The Times West Virginian

Bob Herzel

December 4, 2013

HERTZEL COLUMN: Like it or not, Holgorsen is coming back

MORGANTOWN — Like it or not, it appears that Dana Holgorsen and his staff will be back to coach the West Virginia football team next year, looking down the throat of an angry Alabama football team to open the season.

Athletic director Oliver Luck, after a long meeting with Holgorsen during which he voiced his displeasure with the results this season produced, decided to retain the coach and his staff.

The stated reason to go in this direction was “consistency.”

“I strongly believe in our coaching staff, including the work that our strength and conditioning staff is doing,” Luck said in a prepared statement. “In my opinion, continuity is the key ingredient that will bring our football program back to the high level that Mountaineer fans expect.”

One could claim that it is odd Luck is placing so much emphasis on continuity for a program that has gone from 10-3 to 7-6 to 4-8 when he fired in Bill Stewart a man who had both continuity and consistency in three consecutive 9-4 seasons.

Stewart not only survived the loss of Patrick White and Noel Devine while Holgorsen could not maintain the level of the WVU program after Geno Smith, Tavon Austin and Stedman Bailey left, but Stewart also was consistent with his coaching staff.

Holgorsen has had tremendous turnover in his assistant coaches over the three years, currently featuring only one coach — Joe DeForest — from his original staff just three years ago.

In truth, consistency is not really the reason Luck has gone in the direction he went.

Two other factors left him little or no choice in the matter.

The first is the contract that Holgorsen signed, a contract that offers no buyout terms.

The contract runs through 2017 and is worth a minimum of $11.3 million. If Holgorsen were to be fired he would be paid his yearly salary, this year totaling $2.7 million at a minimum.

Add in the cost of a new coach’s salary and what would have to be paid Holgorsen’s assistants plus any new assistants a new coach brings in, and you are talking about a major cost factor involved in firing Holgorsen.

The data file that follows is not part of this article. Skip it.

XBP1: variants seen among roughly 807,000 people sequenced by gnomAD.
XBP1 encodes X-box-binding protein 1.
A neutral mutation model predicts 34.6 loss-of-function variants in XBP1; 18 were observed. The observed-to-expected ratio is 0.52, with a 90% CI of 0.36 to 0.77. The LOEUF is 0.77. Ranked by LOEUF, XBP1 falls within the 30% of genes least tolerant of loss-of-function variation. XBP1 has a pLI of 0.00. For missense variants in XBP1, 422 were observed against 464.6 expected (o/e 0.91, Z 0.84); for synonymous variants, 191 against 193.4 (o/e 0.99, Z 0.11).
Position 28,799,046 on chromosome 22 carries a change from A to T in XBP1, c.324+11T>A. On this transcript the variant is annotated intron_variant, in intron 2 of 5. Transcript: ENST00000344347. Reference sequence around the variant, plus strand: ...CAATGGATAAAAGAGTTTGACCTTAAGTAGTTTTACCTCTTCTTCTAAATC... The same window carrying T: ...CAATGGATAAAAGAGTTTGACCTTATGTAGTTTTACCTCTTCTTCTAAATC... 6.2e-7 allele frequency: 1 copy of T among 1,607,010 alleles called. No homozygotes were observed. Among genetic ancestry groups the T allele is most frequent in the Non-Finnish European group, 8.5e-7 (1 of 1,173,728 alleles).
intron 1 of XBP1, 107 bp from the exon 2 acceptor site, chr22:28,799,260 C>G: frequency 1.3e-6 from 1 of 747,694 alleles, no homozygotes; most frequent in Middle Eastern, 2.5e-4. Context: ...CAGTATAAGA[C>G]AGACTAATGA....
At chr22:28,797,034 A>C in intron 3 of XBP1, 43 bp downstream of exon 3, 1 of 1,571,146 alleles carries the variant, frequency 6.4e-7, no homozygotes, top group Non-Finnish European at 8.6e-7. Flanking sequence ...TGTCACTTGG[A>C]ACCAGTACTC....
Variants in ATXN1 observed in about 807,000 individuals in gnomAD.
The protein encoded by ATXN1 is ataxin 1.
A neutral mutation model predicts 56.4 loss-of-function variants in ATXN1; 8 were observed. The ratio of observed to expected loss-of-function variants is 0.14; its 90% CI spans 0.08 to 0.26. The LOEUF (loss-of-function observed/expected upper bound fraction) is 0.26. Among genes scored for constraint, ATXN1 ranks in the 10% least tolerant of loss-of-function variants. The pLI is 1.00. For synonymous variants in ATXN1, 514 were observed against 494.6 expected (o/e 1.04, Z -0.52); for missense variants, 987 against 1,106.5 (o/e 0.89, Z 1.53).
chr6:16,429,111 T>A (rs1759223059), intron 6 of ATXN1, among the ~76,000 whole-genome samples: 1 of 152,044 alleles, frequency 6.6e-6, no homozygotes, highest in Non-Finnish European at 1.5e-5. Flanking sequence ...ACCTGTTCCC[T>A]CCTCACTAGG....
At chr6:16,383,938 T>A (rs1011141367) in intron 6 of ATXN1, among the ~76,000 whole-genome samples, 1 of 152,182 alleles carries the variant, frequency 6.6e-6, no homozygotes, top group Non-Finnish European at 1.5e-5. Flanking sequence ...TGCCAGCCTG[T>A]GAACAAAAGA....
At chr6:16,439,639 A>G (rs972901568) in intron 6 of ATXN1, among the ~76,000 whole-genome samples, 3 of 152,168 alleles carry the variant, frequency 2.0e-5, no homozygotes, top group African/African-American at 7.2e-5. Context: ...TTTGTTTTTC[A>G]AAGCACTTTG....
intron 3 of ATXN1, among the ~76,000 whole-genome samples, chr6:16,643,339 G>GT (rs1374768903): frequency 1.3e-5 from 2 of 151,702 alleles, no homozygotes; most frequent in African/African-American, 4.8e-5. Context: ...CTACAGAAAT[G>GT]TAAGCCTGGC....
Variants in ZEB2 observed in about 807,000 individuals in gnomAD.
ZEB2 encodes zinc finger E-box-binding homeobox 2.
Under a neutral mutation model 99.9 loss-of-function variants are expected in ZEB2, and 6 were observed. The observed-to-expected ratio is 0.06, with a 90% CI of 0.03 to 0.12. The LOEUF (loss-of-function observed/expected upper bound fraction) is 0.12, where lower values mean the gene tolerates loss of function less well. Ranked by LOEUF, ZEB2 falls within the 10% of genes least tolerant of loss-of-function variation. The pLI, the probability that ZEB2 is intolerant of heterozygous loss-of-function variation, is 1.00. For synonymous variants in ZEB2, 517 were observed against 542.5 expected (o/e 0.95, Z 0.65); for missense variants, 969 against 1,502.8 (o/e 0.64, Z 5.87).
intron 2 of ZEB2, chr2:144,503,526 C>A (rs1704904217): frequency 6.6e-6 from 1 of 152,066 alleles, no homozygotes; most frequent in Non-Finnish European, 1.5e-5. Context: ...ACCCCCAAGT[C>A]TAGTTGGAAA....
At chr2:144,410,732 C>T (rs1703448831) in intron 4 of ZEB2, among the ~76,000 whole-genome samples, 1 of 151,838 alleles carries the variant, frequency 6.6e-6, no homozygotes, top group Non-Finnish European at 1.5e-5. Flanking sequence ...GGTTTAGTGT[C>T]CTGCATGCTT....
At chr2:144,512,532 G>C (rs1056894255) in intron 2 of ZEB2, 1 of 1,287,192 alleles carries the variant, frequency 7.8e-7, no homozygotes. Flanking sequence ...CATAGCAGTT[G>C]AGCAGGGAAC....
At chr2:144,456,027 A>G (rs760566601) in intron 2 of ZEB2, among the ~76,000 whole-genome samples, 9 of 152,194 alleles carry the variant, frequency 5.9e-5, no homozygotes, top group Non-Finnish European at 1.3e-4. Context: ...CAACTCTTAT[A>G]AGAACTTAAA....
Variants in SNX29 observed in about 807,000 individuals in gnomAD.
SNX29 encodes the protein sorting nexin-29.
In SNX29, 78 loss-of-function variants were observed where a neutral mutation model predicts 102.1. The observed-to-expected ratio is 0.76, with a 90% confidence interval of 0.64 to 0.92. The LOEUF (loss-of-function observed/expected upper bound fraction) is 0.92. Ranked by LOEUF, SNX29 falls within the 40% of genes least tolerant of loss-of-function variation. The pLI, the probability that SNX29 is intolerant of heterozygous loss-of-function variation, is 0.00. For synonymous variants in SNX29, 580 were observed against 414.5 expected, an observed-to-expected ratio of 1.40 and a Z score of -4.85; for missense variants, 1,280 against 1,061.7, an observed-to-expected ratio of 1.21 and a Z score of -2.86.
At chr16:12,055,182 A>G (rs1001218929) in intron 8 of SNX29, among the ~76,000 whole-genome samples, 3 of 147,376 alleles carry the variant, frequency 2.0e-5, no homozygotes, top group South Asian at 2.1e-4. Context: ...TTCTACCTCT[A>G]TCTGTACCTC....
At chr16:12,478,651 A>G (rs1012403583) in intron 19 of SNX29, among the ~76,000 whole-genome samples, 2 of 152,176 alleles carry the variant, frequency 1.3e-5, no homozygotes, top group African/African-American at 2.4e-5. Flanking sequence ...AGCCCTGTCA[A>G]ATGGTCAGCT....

To make the matter even more messy is the fact that WVU President Jim Clements announced a month ago that he was leaving to take the Clemson job.

An interim president for the school is expected to be named this week, but can you really place a football coaching search on the shoulders of an interim president?

All of these are rational and reasonable reasons for retaining Holgorsen.

However, in analyzing the situation, I keep coming back to a couple things.

First, I ask myself if I had a son about to enter college who was capable of playing Division I football, would Dana Holgorsen be the man I wanted to entrust him to?

The answer keeps coming back no.

The visions of him smashing headsets on the sidelines, the casino incident that became public, the secrecy with which he

runs his program that seems to scream out that he has something more to hide than his signals ... I just have to believe there are coaches out there with a better image, as much knowledge and better record as head coach.

That he won’t wear the school colors is irritating, that he wants all these facility changes given to him without having done anything yet to earn the right to them is downright infuriating, especially at a state university that probably has equally as great a need for students and professors that go unfulfilled.

Then, it is not a stretch to believe that when football goes bad at this university, it casts a pall over the entire athletic department.

It is not coincidence that football drawing its smallest crowd in a couple of decades for Iowa State was followed by basketball drawing its smallest crowds, even though the basketball team is almost as entertaining as was last season’s high-scoring football team.

There is a relationship, one that comes out of an attitude of discontent with the direction sports are taking; with ticket prices rising as competitiveness drops and with a schedule dominated, quite frankly, by teams that have no history with West Virginia and that West Virginians just don’t care about.

That, of course, is not Holgorsen’s fault, but his inability to beat them, as his 6-12 Big 12 record indicates, does nothing to create an atmosphere where sports and football are fun.

In truth, if WVU were to ban tailgating tomorrow, I suspect season tickets would hit bottom.

Luck, though, has made his decision and for the sake of the school and the state, I hope in this case that he is right in retaining Holgorsen and I am wrong, an event that is highly likely considering that Luck was once a candidate to become a Rhodes Scholar and I ... well, let’s just say I once got a B in French ... repeating it after an F in the subject the previous semester.

Follow Bob Hertzel on Twitter @bhertzel.

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